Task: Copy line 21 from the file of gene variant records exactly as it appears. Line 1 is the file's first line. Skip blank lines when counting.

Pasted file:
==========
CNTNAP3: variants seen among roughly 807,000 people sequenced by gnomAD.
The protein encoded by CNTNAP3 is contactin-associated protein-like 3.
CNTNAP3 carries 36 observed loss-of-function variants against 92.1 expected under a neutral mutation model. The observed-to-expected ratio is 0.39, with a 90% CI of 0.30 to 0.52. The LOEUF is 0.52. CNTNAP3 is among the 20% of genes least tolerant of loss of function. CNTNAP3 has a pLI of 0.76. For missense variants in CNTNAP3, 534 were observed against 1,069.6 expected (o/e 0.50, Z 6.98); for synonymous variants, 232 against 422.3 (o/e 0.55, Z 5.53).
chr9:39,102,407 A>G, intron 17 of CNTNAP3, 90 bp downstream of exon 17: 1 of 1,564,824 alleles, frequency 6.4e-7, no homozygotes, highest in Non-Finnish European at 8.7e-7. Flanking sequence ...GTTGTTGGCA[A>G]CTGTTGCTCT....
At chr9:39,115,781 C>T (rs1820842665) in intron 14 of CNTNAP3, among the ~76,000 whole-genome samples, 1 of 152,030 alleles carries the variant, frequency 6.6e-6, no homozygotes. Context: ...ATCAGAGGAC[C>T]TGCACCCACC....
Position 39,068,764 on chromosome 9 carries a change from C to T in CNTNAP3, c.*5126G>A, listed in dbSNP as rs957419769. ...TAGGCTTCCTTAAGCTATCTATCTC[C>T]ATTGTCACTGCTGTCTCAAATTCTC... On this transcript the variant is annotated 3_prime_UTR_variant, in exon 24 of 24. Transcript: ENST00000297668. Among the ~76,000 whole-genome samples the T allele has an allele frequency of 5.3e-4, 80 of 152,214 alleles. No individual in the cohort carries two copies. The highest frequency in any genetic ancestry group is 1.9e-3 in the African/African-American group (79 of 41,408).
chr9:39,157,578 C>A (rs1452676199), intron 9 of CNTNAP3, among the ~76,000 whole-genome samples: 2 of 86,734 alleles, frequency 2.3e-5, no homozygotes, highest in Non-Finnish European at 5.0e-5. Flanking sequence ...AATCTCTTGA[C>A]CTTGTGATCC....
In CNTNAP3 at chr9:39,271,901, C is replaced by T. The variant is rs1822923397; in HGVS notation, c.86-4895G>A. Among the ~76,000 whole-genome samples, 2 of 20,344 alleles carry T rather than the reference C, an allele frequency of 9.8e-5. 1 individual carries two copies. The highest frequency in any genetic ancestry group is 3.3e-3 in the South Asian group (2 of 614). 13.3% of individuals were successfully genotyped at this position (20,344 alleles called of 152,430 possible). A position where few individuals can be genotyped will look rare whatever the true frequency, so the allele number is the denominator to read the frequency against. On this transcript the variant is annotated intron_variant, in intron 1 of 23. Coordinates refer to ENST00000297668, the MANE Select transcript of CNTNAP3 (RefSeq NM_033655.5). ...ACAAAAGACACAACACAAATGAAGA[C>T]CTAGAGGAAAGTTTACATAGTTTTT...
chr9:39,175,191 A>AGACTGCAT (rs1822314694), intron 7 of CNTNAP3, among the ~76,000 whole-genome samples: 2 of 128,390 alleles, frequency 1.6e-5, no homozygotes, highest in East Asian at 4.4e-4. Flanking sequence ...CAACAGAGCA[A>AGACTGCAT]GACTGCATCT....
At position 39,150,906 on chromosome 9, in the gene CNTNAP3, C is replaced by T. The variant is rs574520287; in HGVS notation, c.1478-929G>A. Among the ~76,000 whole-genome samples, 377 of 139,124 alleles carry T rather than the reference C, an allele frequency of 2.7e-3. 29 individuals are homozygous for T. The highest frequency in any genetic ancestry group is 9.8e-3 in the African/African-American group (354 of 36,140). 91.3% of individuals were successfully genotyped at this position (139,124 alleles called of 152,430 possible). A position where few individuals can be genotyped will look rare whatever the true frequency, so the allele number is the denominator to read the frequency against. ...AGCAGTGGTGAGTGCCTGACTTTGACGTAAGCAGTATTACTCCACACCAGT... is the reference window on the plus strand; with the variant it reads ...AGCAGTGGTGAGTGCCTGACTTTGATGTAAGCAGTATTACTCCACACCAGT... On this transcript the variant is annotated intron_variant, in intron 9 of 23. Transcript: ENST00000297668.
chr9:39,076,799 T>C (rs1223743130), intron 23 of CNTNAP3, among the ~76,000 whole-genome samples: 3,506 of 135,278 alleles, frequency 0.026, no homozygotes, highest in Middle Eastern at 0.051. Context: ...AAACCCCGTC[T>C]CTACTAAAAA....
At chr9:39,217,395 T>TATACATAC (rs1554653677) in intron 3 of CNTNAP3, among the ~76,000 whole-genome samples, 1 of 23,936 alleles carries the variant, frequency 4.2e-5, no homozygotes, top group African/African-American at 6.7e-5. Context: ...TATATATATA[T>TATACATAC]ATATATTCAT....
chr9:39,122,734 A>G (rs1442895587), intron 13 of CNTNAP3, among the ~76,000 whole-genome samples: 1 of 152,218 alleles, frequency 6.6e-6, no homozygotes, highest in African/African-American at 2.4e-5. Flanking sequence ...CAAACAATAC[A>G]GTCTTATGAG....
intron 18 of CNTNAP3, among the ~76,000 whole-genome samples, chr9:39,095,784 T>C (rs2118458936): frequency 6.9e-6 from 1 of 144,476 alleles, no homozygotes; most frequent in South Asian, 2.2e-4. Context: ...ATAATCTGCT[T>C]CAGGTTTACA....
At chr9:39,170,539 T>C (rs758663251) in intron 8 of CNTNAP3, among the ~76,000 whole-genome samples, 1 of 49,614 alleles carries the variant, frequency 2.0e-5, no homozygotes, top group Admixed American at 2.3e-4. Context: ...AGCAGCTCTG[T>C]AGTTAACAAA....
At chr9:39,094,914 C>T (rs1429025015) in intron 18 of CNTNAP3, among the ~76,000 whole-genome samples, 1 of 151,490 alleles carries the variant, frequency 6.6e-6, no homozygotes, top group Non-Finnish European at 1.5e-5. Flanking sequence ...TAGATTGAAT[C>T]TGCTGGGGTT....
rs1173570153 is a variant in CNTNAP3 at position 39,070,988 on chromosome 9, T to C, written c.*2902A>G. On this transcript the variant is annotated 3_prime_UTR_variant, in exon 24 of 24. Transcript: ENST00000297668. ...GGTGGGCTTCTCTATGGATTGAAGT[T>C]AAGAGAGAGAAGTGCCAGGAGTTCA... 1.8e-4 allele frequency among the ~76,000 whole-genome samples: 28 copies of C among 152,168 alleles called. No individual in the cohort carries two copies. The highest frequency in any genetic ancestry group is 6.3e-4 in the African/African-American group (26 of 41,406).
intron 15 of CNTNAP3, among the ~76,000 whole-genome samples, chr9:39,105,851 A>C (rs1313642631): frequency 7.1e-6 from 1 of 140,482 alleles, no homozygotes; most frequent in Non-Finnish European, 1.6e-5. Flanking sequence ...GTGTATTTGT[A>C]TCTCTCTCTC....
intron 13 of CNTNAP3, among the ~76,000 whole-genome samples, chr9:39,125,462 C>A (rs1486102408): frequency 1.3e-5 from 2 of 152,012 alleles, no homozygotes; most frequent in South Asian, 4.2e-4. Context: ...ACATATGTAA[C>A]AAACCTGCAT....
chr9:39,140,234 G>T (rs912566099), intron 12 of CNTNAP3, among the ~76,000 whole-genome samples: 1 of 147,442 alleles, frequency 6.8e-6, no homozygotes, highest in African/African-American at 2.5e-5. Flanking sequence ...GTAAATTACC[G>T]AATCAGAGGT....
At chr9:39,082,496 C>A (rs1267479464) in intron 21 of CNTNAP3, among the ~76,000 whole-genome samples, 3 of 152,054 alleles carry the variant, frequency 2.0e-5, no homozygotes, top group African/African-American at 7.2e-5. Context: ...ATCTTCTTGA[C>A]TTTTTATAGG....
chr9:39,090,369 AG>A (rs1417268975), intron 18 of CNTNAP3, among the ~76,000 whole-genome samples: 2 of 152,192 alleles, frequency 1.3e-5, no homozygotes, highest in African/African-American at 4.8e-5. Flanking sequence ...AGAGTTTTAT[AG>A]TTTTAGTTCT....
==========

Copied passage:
At chr9:39,082,496 C>A (rs1267479464) in intron 21 of CNTNAP3, among the ~76,000 whole-genome samples, 3 of 152,054 alleles carry the variant, frequency 2.0e-5, no homozygotes, top group African/African-American at 7.2e-5. Context: ...ATCTTCTTGA[C>A]TTTTTATAGG....